Pregnant Woman in Texas Has Zika—In First US-Contracted Case?

Oh no! Does this mean the virus has made its way to the United States?

Patients Test Positive for Zika Virus Jarun Ontakrai/Shutterstock
A pregnant woman has tested positive for the Zika virus at Legacy Community Health in Houston, Texas. It is unclear how she contracted the disease, leading doctors to wonder whether this is the first case of the virus contracted from within the United States. 

The woman with the confirmed case of the virus lived in El Salvador, where Zika is widespread at the moment. She moved to the United States earlier this year but authorities are still unsure of whether she contracted the virus via a mosquito bite or through sexual transmission. Either way, one thing is clear: This is not a good situation. While Zika's symptoms are relatively mild for most people, pregnant women can suffer devastating consequences if infected. The CDC has found a strong link between Zika and microcephaly, which causes the infants of infected pregnant women to be born with abnormally small heads and incomplete brain development.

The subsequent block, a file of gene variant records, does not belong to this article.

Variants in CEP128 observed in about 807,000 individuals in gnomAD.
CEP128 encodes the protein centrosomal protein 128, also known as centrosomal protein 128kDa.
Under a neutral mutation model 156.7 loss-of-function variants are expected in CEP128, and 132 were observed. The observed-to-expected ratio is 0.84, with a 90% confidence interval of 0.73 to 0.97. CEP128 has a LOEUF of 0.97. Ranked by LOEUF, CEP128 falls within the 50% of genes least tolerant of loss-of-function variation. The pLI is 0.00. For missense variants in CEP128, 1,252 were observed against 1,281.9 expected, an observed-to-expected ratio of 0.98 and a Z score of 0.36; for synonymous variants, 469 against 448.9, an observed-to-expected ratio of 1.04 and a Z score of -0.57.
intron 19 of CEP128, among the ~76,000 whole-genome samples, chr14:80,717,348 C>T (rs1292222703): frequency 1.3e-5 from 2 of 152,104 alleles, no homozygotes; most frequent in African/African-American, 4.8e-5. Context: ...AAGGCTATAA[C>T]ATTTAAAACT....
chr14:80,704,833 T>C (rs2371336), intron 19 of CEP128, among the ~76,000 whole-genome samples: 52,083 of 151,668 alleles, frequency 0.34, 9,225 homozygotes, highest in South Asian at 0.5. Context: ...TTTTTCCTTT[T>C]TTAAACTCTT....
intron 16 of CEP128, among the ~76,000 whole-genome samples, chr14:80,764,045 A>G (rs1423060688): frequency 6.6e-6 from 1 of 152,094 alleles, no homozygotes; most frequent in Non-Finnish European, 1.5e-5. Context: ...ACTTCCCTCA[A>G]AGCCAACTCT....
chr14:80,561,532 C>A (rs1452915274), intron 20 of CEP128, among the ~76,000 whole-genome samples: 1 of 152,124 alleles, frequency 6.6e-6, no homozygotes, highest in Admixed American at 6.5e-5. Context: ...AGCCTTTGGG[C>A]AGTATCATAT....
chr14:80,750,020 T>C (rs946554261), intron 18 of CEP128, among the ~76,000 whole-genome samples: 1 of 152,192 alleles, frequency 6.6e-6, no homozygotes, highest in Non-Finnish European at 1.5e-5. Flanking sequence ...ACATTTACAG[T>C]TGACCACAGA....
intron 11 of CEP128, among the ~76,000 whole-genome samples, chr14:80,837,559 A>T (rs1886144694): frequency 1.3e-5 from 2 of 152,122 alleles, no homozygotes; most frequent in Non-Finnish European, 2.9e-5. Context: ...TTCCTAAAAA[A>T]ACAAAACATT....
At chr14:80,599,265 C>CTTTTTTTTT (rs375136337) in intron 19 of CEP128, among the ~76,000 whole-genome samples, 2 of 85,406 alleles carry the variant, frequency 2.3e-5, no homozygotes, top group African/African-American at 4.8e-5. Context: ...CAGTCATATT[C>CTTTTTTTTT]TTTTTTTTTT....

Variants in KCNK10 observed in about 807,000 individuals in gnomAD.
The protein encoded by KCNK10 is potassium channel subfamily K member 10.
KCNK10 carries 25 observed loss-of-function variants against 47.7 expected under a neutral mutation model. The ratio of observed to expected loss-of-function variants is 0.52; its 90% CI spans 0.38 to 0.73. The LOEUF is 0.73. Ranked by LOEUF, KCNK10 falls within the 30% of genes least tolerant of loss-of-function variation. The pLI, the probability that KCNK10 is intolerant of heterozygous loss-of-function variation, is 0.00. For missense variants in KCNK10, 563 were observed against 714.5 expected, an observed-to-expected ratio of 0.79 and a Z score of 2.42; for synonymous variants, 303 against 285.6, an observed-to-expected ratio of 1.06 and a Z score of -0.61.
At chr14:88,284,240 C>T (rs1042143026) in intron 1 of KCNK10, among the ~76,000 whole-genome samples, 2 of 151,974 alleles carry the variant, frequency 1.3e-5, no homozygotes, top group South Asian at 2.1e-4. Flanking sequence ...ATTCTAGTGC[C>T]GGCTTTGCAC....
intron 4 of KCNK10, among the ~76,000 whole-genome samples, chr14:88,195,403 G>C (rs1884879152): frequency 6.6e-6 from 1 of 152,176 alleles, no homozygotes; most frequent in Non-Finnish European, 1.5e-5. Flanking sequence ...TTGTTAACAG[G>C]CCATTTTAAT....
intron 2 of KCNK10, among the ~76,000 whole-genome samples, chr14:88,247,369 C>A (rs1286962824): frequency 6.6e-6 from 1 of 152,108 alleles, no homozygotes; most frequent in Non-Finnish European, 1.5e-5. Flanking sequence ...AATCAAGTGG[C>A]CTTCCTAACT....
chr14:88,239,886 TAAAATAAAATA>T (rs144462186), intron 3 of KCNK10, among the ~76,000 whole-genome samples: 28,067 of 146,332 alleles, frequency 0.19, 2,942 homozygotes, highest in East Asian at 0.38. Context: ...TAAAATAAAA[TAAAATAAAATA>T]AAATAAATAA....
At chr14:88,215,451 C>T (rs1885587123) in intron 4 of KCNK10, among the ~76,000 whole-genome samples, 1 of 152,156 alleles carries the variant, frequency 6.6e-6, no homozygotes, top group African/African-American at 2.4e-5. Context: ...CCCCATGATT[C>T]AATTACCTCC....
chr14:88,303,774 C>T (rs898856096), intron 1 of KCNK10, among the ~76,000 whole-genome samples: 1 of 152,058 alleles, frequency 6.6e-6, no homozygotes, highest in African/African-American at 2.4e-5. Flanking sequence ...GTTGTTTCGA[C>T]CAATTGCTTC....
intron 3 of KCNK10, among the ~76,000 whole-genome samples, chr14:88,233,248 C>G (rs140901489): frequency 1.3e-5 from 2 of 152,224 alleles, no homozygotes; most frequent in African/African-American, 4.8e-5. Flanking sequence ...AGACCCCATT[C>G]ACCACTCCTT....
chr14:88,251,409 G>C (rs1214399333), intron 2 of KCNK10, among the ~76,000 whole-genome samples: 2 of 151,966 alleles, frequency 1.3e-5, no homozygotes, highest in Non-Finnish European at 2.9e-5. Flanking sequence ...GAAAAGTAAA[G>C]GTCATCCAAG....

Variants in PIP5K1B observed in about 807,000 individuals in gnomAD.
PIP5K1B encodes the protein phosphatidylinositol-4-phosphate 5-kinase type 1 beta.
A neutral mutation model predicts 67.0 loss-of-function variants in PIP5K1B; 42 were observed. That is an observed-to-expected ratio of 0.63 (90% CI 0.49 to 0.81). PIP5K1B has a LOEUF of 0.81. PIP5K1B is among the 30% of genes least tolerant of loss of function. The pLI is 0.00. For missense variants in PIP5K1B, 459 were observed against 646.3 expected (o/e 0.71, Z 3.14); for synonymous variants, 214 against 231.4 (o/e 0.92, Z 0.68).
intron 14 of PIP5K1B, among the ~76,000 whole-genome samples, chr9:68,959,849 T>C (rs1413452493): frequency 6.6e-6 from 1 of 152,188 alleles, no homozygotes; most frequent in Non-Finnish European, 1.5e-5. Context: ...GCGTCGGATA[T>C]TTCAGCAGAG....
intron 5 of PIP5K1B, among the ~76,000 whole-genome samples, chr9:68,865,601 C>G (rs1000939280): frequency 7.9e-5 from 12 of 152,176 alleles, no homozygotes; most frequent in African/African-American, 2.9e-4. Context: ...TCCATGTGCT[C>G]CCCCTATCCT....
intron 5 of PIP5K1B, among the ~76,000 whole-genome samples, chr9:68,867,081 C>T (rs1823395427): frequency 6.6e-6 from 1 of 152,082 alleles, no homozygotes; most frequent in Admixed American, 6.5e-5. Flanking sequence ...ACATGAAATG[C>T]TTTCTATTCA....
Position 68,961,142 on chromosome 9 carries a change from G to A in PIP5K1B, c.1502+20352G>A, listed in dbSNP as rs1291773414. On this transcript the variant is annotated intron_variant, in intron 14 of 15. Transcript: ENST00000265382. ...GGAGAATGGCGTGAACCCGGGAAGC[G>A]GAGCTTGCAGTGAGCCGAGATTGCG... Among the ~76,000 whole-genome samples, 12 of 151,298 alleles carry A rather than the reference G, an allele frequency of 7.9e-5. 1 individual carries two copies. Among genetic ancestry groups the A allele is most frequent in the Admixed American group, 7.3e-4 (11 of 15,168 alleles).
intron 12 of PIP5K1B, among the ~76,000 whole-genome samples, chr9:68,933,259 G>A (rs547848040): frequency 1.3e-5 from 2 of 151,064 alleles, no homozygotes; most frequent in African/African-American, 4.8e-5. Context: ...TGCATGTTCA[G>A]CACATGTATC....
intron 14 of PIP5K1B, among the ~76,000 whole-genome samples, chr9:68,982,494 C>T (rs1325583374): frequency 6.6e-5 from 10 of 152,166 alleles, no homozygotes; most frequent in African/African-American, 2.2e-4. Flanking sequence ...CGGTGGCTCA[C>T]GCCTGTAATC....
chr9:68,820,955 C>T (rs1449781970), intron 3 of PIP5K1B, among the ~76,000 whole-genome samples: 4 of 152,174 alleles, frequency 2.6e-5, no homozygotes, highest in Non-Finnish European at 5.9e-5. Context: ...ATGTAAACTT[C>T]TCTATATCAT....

We know what you're thinking: Does this mean you should be concerned about contracting the virus right here in America? According to Natalie Vanek, M.D. an infectious disease specialist at Legacy Community Health, this is not the time to panic.

"We are closely monitoring the patient through her pregnancy and hope for the best for mom and baby," Dr. Vanek said. "Today we are re-issuing our advisory to pregnant women not to travel down to the Central and South American countries where the virus is rampant, and want to make the broader Houston community aware the virus can be transmitted sexually. We are focused on prevention, not panic."

The CDC has recommended that pregnant women avoid travel to a long list of areas where Zika is taking its toll—but they're also warning women that transmission via sexual contact may be a bigger threat than most people realize. Here's the general recommendation: If you are pregnant or trying to get pregnant, avoid the areas detailed on the CDC's list, and don't have unprotected sex with a partner who has been to one of those areas in the past six months.